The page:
FEATURE LAP LEADERS: Laps 1-30 Tyler Courtney.



Woodland Auto Display / Beaver Stripes Fast Qualifier: Justin Grant

Flowdynamics/Sway-A-Way Torsion Bars First Heat Winner: Cody Williams

All Coast Construction/Competition Suspension Inc. (CSI) Second Heat Winner: Damion Gardner

Component Repair Company/Ultra Shield Race Products Third Heat Winner: Tyler Courtney

Orange County Tank Testing/Rod End Supply Fourth Heat Winner: Eddie Tafoya Jr.

Indy Metal Finishing Semi Winner: Ryan Bernal

Sway-A-Way Torsion Bars/Rod End Supply Hard Charger: R.J. Johnson (22nd to 8th)

Multiquip Industries First Non-Transfer: Trent Williams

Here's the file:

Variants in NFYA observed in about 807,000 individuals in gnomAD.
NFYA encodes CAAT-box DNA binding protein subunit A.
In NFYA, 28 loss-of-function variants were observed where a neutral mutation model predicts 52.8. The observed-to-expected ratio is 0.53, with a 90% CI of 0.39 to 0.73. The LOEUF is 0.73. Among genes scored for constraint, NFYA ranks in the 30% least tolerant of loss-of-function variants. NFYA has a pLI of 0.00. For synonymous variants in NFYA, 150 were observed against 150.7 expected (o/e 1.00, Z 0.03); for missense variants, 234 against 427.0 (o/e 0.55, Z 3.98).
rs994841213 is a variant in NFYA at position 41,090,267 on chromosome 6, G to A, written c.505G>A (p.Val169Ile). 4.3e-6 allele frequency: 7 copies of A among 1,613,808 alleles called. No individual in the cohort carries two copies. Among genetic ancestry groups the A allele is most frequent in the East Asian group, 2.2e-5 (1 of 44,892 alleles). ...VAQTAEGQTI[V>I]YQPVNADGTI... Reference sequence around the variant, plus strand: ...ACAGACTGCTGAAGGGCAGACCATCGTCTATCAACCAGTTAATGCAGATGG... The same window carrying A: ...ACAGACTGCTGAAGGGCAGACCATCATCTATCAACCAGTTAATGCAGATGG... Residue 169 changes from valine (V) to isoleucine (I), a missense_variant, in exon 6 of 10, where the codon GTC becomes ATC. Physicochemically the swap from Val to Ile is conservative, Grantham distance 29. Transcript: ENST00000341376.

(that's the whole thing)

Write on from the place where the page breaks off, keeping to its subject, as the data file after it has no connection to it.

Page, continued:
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QUEEN CREEK, Ariz. (Jan. 13) — Brian Shirley saw the situation one way. Ricky Thornton Jr. viewed it another.In the first controversial moment of the 15th annual Keyser Manufacturing Wild West Shootout at FK Rod Ends Arizona Speedway, there was simply no middle ground reached between the two drivers who saw their hopes for victory in Wednesday night’s 30-lap Super Late Model feature dashed by an early-race tangle.The pair of top contenders — Thornton logged finishes of first and second in the miniseries’s opening-weekend events while Shirley was just a bit behind with runs of third and fourth — were battling for third place on lap seven of the A-main when their evenings went awry. Shirley dived low entering turn one and slid up the track in front of Thornton, but Thornton clipped the left side of Shirley’s car and both drivers’ machines collected fifth-place Stormy Scott of Las Cruces, N.M.After Thornton retired for a 22nd-place finish and Shirley soldiered on to place 17th in a race captured by Jonathan Davenport of Blairsville, Ga., they stood in the pit area — separated by just a few stalls, in fact — looking back on the incident with differing opinions.“He saw his opportunity and took it,” Thornton said of Shirley, “and it pretty much didn’t work out.”“He could’ve hit the brakes, you know?” countered Shirley, pointedly questioning Thornton. “I don’t know what he’s thinking. I’m not saying it was all his fault because I did get in there hot, but it was because I wasn’t gonna hit him.”Shirley, 39, of Chatham, Ill., felt that he had cut his rival for position a break on the frontstretch and should have received the same treatment in return between turns one and two. The two drivers were charging hard in pursuit of second-place Jason Papich of Nipomo, Calif., with Shirley running high through turns three and four and Chandler, Ariz.’s Thornton sucked low until Thornton drifted toward the outside guardrail approaching the starter’s stand, prompting Shirley to abruptly cross over Thornton under the flagman and attempt a slider into the first and second corners.“Just coming off of four there, he was on the bottom and went straight to the wall, and I braked for him,” Shirley detailed. “Then I come down, cleared him like a mile, and he just come in there and doored us. They can watch the video. I never touched him.“I can hit the brakes, he can hit the brakes. I’m more disappointed because I braked for him and he couldn’t brake for me. It’s a two-way street.”From Shirley’s standpoint, his aggressive bid on Thornton was merely him reacting to the opening he was presented.“I made a move because when we were coming out of four, he pushed up,” Shirley said. “I was running the high side and he was running the bottom. He would’ve hit me if I wouldn’t have hit the brakes, so I moved down because I had the momentum to slide him. Instead of him turning back down to try and cross me back over he just ran into the left side of the door.“I don’t know what to say,” he continued. “I don’t know what I would’ve done any different. We wouldn’t have even been in the situation if he wouldn’t have pushed up out of four where I was already there. If he would’ve stayed on the bottom I would’ve went right by him without an issue, but he pushed out so then I had to figure out an exit plan.”Thornton, 30, certainly didn’t agree with the tactics Shirley decided to employ.“So I ran the bottom in three and four,” Thornton began. “I didn’t have all my speed down the front straightaway, and I kind of figured someone was gonna slide me. But then we entered and I thought we were good, and then he slid me, like, kind of late in the corner almost.“Watching the in-car (camera footage from his car), it looked like (Shirley) spun out, but, I think because he carried so much speed in the corner, he knew he was gonna destroy the wall so he tried to turn it sideways. When he did, he pretty much parked it (on the cushion), so then I had nowhere to go. At that point I was already back on the throttle. At that point there was no turning down or anything.”When Thornton contacted Shirley’s car, the right-rear deck and quarter-panel of Thornton’s SSI Motorsports Longhorn mount was pulled astray, leading him to limp into the infield with the sheet metal flopping along the track. Shirley’s Bob Cullen-owned XR1 Rocket was shoved into the outside wall before Scott slid into the back of both cars, eliminating him as well. Bobby Pierce of Oakwood, Ill., also slapped Shirley’s car as he passed by but was able to continue racing to a fifth-place finish.Thornton felt fortunate that his 3-race-old car escaped the crash with mostly cosmetic damage, but he was well aware that he lost an opportunity to move a step closer to the Keyser Manufacturing bonus dollars posted for winning three or more races.“It just ripped the whole right side off,” said Thornton, who, with three races remaining in the miniseries, remains alive for the bonuses of $10,000 (three wins) and $25,000 (four victories). “It got the body, left-rear shock, couple left-rear parts just from Stormy getting in the left rear.“It kind of sucks for that to happen, especially on lap six of the race or whatever it was,” he added. “I had a really good car. I took off and I was running hard, but not so hard that I was gonna kill my stuff.”While there was no love lost between the two drivers after the incident — a Thornton team member even expressed his displeasure by tossing a signal stick at Shirley’s passing car in the infield (the stick bounced off Shirley’s car and nearly struck a photographer standing nearby) — they were ready to move on to the concluding weekend of WWS action.“It is what it is,” Thornton said, “and we’ll get it fixed up and try again on Friday.”“Luckily it just looks like a lot of bodywork, but it still ruins your night,” Shirley commented. “We started 11th and was passing him for third so it wasn’t like we sucked. We’ve been trying different things, little bitty things every race we’re in. In the heat race I felt like we were horrible, and then, I hate to say, we just put the thing back to where it was when I won them races last year (three WWS features) and that’s how I went.“We’ll put it back together and hopefully next time circumstances might come out a little different.”